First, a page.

You should never assume that people understand exactly what your organization does – its mission, purpose, constituency, people, programs, performance, plans, etc. In our consulting work, we see time and again that the public’s perception of an organization can lag years behind the reality, even among well-informed community leaders.
To most effectively present your organization to prospective donors, you must first understand how various constituents currently view the organization and what they value most about it. Many nonprofit leaders are now investing in a deliberate branding process to learn more about how their organization is perceived, and to best express its value-added proposition.
Through branding, you can reinforce your organization’s identity and position in the marketplace.
The current image of an organization strongly influences how people respond to it. The positive image of your organization in the donor marketplace can take a long time to establish, and just as long to change or erase unwanted perceptions.
In today’s competitive landscape, however, things can change rapidly, dramatically, and without warning. The organization’s revenues and even its visibility may be adversely affected. In such an environment, you don’t have years to act or react! You must move swiftly and surely to reinforce your organization’s brand and shift or strengthen its position.
To accomplish that, you must find out what your donor constituents and other stakeholders are thinking and feeling. How much do they know about your organization? What business do they think you’re in? What do they think differentiates you from your competitors? To what extent do they trust you to deliver on your promises?
The perceptions, ideas, and information you gather will provide the basis for clarifying and better expressing your organization’s mission and
purpose; what value it contributes; what people expect from it; and what kind of world it aspires to create. All of these elements will affect how the organization presents itself, verbally, visually, and person to person.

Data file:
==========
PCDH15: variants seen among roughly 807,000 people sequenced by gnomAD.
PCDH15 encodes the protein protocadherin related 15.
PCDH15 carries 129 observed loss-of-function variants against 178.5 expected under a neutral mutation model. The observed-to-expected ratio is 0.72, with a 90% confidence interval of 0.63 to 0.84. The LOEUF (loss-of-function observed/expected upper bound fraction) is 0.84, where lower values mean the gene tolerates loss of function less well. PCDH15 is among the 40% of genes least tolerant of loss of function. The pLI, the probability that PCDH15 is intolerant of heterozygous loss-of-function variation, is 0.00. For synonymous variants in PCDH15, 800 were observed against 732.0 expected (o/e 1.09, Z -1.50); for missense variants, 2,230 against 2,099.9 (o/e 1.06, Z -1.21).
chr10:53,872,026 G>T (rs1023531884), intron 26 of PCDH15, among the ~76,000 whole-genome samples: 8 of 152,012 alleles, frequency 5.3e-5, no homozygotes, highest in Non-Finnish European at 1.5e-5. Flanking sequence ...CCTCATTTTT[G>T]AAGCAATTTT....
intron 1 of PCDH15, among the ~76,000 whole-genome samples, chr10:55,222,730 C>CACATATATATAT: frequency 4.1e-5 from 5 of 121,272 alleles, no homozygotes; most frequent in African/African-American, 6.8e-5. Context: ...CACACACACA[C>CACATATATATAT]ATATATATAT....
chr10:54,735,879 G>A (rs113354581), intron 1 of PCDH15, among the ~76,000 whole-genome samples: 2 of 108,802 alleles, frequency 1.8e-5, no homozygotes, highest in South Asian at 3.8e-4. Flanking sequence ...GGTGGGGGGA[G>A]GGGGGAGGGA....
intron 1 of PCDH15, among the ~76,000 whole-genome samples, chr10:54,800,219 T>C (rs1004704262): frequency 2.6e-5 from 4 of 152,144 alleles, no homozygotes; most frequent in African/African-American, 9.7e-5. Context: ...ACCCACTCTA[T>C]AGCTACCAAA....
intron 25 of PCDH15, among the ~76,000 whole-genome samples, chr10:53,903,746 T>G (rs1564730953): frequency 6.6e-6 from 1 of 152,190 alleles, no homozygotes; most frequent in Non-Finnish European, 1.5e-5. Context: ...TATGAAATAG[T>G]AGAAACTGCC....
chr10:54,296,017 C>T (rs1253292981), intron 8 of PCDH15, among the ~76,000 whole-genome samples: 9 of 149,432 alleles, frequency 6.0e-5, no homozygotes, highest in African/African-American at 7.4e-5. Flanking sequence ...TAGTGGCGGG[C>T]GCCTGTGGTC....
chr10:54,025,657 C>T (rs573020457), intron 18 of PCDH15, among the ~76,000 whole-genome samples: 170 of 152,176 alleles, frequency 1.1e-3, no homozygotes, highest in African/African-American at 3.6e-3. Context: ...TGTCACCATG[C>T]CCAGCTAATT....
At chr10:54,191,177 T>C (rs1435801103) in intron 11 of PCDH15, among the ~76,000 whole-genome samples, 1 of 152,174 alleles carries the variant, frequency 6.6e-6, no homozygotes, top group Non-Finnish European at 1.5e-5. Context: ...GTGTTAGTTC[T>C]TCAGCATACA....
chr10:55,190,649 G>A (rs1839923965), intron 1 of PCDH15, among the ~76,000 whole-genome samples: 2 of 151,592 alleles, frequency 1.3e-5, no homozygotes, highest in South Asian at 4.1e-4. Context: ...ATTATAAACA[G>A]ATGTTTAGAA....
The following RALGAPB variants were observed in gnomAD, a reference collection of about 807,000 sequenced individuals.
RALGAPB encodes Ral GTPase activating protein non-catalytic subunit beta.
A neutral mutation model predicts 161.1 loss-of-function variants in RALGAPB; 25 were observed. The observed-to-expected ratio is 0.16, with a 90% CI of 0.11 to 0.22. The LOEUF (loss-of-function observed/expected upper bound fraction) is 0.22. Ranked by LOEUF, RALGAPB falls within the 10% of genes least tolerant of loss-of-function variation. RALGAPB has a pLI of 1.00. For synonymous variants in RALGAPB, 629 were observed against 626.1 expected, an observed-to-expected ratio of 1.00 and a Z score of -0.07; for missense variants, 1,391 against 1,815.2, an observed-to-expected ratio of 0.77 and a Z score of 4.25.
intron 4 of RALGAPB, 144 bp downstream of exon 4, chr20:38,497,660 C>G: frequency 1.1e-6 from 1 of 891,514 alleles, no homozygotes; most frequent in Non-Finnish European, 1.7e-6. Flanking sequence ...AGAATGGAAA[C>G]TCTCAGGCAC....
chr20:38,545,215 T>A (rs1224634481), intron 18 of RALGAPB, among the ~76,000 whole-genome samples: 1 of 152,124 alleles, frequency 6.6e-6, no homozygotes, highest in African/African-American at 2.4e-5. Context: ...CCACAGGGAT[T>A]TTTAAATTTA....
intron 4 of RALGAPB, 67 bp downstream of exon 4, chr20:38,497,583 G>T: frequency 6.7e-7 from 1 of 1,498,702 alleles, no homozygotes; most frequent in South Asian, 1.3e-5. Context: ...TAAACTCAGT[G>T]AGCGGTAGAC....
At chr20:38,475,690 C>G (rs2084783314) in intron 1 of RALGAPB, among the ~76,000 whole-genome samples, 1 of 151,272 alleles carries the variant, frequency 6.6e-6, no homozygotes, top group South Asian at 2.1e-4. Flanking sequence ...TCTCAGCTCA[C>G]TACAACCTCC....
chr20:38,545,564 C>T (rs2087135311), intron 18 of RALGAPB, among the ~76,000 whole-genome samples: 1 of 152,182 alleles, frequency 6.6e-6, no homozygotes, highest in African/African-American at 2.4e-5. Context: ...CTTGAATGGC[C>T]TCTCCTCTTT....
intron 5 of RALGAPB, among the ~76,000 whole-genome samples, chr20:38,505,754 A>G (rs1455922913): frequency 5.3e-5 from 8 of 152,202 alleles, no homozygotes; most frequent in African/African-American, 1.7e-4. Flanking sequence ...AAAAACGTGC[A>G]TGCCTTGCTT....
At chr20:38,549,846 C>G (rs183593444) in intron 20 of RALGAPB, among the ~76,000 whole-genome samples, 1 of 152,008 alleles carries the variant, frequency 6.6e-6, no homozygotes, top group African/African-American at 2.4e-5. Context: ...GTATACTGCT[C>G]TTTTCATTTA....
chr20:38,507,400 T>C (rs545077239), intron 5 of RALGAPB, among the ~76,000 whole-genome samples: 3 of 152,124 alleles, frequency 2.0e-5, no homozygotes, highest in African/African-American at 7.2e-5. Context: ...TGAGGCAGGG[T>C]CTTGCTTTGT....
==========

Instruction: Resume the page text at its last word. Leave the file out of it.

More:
Building awareness and visibility
Verbally, a brand is expressed through a powerful and memorable message (or messages) that evokes what the organization is about. Graphically, it is expressed through a distinctive, attractive, and evocative look or style that reinforces and intensifies the verbal message.
Your marketing plan should identify key constituencies and outline your objectives and strategy for each.
With a vigorous and sustained effort to build and promote your brand, your organization will be able to create and maintain a higher profile, especially among those you want most to attract and influence (including donors and volunteers). For that purpose, you will want to work with the media and through your own channels of communication. To support these efforts, your organization will need:
1. A written marketing plan and strategy to identify key constituencies and define specific objectives, strategies and desired outcomes for each.
2. A coordinated, professionally produced, and attractive family of marketing communications.
When these tools are based on a well-conceived strategic plan and a compelling case for support, you’re sure to improve the marketing, and ultimately the results, of all your development programs.
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For more on Strategic Advancement, Aligning Your Resources to Attract Philanthropy, access Goettler Series Volume 12